Belarusian producers urged to do their best to promote merchandise to western markets

    Belarusian companies should use all the available opportunities to promote their products to western markets, including the niches the crisis has driven other producers from. President of Belarus Alexander Lukashenko made the relevant statement as he heard out a report about the country’s social and economic development in Q1 2009 from the government and the National Bank on April 17, the press service of the head of state told BelTA.

    Opening the session, the head of state remarked: “Earlier you and I agreed that at the end of the first quarter we will comprehend what is going on in our economy”. He added that heads of companies and members of the government assured him of some positive dynamics. “They said they witnessed these changes as early as the end of February – the beginning of March. At the end of Q1 2009 they promised to present proofs of this tendency so that I could see specific results,” said the President. “It is the main motto of today’s session: whether there are the things I was promised when visiting companies and what the tendencies are,” stressed the head of state.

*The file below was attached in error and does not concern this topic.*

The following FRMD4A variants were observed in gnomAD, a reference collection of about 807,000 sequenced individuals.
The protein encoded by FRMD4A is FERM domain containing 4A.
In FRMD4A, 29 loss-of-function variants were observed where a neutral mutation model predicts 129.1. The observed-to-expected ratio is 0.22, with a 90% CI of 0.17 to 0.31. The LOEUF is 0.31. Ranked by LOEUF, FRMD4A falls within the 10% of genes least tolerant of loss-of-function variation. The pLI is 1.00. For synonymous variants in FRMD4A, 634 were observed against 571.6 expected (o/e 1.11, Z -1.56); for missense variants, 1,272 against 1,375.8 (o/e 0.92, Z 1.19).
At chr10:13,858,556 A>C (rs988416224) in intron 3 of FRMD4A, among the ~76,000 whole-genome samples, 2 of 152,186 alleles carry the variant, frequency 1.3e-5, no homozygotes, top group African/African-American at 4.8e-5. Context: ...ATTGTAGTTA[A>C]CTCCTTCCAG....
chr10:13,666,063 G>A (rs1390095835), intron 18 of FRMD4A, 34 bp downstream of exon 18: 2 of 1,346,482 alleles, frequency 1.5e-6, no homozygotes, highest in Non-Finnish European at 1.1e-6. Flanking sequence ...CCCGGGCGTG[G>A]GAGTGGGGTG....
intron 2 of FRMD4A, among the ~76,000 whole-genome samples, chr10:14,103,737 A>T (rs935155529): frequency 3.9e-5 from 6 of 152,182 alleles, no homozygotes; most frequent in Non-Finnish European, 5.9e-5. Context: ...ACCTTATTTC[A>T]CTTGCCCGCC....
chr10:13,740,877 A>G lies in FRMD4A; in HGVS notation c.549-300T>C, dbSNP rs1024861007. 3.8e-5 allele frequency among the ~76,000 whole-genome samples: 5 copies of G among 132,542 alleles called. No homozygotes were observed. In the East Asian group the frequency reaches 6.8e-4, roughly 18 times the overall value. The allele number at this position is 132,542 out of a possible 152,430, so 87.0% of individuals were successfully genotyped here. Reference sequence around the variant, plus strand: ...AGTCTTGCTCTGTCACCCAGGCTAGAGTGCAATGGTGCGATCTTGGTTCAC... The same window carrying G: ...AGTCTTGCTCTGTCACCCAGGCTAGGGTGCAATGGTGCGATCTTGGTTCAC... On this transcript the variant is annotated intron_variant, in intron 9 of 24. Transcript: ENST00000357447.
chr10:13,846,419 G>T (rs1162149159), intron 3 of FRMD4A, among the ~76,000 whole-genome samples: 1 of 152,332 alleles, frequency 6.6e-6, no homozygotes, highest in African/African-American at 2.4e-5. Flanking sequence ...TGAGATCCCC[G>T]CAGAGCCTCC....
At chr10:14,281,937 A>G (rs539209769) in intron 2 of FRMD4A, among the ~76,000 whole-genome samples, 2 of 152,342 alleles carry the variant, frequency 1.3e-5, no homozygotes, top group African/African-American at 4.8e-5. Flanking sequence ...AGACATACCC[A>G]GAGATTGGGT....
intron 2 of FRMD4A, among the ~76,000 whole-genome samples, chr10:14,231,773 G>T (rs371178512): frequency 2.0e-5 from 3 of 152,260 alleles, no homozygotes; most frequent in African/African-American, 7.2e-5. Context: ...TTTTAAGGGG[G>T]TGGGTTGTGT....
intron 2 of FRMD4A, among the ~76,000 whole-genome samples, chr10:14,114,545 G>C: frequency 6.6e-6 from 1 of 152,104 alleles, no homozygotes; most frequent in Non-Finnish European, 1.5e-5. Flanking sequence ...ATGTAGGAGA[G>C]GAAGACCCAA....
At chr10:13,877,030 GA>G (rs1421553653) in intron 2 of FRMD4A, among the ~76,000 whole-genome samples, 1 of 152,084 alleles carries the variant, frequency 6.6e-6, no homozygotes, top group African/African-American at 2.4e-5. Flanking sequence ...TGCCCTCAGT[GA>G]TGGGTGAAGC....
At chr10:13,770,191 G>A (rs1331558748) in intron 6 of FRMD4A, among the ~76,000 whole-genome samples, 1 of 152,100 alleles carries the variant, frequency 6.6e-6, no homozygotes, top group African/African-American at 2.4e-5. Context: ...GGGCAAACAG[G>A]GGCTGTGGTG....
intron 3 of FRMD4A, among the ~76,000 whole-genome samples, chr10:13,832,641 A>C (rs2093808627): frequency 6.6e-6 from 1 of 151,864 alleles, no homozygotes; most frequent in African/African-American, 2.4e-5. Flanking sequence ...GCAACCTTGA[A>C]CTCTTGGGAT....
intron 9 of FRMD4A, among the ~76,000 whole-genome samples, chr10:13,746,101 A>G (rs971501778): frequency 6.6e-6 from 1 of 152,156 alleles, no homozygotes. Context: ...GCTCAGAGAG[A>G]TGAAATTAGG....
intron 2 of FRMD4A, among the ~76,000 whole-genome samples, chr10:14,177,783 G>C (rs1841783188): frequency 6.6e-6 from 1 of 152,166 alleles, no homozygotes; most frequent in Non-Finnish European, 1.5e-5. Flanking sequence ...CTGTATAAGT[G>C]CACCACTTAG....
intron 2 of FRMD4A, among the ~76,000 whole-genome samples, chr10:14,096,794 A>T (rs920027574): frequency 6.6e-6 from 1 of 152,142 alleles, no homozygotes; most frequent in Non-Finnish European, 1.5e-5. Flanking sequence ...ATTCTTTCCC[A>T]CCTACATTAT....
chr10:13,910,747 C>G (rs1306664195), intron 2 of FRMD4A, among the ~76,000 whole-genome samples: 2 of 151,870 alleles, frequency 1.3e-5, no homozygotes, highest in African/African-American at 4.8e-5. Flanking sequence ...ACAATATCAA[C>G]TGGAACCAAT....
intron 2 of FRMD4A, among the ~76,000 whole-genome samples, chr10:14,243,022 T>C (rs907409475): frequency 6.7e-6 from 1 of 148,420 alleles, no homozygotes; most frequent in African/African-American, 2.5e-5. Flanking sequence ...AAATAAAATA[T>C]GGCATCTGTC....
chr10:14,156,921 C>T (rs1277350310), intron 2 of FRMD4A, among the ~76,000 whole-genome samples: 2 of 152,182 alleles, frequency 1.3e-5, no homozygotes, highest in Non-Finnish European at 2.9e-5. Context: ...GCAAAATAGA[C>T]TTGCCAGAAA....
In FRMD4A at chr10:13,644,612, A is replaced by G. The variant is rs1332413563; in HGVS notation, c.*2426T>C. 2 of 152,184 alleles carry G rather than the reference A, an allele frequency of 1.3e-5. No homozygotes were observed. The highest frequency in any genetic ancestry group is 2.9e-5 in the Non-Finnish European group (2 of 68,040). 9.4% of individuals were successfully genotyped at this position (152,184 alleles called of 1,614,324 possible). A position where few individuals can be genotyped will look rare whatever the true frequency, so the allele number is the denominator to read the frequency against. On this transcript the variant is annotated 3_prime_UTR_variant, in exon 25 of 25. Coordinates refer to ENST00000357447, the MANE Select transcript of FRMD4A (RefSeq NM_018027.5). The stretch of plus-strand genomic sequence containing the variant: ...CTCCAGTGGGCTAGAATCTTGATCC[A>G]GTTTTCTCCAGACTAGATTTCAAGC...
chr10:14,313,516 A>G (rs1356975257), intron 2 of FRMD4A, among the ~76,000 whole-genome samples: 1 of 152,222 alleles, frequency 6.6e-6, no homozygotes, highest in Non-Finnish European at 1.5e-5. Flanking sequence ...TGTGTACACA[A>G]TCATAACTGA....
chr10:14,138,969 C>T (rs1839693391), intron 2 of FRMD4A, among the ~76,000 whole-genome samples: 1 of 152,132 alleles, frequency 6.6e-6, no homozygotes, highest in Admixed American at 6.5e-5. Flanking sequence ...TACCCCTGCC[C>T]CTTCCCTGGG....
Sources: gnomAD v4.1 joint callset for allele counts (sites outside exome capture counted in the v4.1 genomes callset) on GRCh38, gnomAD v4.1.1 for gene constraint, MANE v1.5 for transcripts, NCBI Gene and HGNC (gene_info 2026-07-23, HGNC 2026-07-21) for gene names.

The President pointed out several alarming tendencies in the Belarusian economy which require close attention of all government bodies both central and local ones. “It is inadmissible. I believe it is a crime that stockpiles of commodities in corporate warehouses are increasing,” said Alexander Lukashenko among other things.

    The head of state advised those executives, who cannot cope with difficulties in the modern economic situation, to quit. “If I notice someone’s incompetence, rest assured the decision will be made swiftly,” said the President.

    The head of state demanded a report about the fulfilment of instructions issued when he visited Belarusian companies. The instructions touched upon preservation of qualified workforce, search for promising market outlets, enhancement of merchandise quality, introduction of severe frugality measures, reduction of inexpedient expenses, and creation of favourable conditions for attracting investments.